Leica and I have had a bit of a rough relationship in the past.  If you took the rangefinder experience and implemented it into something like the Df I believe Leica would quickly go out of business.  People buy the Leica M for its fantastic implementation of the manual focus range finder.  Sure, there are some that buy it because it has a little red dot that says Leica but typically they are the ones that set it on a shelf or sling it on their shoulder when they need to impress the crew down at the camera club.  I fell in love with the process of creating an image using the manual focus lenses and range finder that Leica has perfected.  The Leica M (Typ 262) that I replaced the Nikon Df with has 24MP instead of the anemic 16.2MP* which means if I am shooting off assignment and get a great shot I can potentially use it for new assignments.  If you’re a street photographer you’ll appreciate the importance of this as no two events typically repeat themselves when you’re on the street…

*When I say anemic remember that it’s relative to the work I am doing.  For the past few years 16.2MP was far more than I needed (typically only printing up to 36″ images, magazine size prints, and internet use).  If you aren’t printing huge images then 16.2MP is most likely perfect (it saves a lot of space on your hard drives as well).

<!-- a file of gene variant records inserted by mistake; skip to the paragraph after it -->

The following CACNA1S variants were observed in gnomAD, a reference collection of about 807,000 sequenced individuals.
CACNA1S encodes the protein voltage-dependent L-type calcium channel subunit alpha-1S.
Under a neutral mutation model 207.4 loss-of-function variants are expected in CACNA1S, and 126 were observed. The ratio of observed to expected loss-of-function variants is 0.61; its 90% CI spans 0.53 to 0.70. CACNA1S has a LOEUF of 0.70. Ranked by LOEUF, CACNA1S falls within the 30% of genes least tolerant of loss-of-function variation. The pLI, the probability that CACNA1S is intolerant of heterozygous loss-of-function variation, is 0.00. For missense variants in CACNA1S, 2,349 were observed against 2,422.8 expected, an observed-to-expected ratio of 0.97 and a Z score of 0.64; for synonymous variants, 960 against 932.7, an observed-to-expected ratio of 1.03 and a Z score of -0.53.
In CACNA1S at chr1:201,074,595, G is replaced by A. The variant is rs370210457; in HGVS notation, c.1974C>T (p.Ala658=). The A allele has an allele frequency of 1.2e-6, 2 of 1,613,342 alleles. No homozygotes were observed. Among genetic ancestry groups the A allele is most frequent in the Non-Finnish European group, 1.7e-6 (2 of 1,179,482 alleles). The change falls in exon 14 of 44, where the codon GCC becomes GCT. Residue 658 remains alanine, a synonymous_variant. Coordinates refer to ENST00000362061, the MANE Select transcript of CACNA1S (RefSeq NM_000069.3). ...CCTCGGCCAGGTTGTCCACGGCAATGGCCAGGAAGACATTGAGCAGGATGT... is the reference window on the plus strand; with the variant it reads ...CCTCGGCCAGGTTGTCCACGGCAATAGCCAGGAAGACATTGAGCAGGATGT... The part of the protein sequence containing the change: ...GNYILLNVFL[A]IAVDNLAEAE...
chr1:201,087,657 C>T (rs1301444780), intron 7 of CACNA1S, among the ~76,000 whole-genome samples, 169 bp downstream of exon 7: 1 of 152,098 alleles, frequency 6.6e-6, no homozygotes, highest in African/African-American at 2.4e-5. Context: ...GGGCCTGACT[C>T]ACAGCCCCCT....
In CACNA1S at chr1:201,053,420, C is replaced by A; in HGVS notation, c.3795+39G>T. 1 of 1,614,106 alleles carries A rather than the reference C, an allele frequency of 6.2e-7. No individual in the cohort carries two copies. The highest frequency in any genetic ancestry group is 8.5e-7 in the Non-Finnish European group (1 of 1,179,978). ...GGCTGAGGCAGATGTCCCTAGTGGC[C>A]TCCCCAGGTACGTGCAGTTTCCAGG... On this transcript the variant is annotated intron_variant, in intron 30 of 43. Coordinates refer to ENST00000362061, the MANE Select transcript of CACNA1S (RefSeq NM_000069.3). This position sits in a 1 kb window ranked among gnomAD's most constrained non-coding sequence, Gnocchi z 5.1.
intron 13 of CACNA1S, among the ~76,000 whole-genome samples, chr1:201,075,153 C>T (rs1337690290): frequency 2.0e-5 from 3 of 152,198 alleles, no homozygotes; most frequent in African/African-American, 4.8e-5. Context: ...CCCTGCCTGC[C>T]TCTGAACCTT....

Nikon Df Vs. Leica M262

I’ll put it to you this way…  I use the Leica M during good to great light and the Nikon D810 in everything else, so it takes two cameras to do what the Df did.  When I shot with the Df I could use it in every type of light (to almost no light) and it never missed a beat.  So, if the number of megapixels a sensor has is of no consequence to you I would tell you to go with the Nikon Df every day of the week.  With that being said, there is certainly something to be said about the mystique of shooting with a Leica and definitely something to be said about the advantage/ease of zone focusing with a Leica.

If Nikon releases a new Df I would gladly sell my Leica and upgrade to the next iteration of my favorite camera, the Df.  Until then, I will happily continue to use the Leica M262.  In fact, please don’t mistake these opinions as being anti Leica in any way.  I think the Leica M is a beautiful camera and with the right specs it could be the “perfect” street shooter.  Something like a mix between the X100T and the Leica M.  But at the end of the day I don’t shoot street exclusively, my camera is a tool and I would prefer to have one that did everything that having to haul around two cameras in the off-chance that I’ll shoot past sunset.

Before you comment below that the Sony A7Rii would have met my needs…  I considered that.  I like the Sony (though it sure is ugly) and agree that it’s worth considering.  All I can say is that I’m still considering it, I was hoping Sony would come out with a new one at Photokina this year but it doesn’t look like they will.  You can find my review of the Sony A7Rii here.

I hope you found this article interesting, feel free to leave your thoughts in the comments section below.  Thanks for visiting.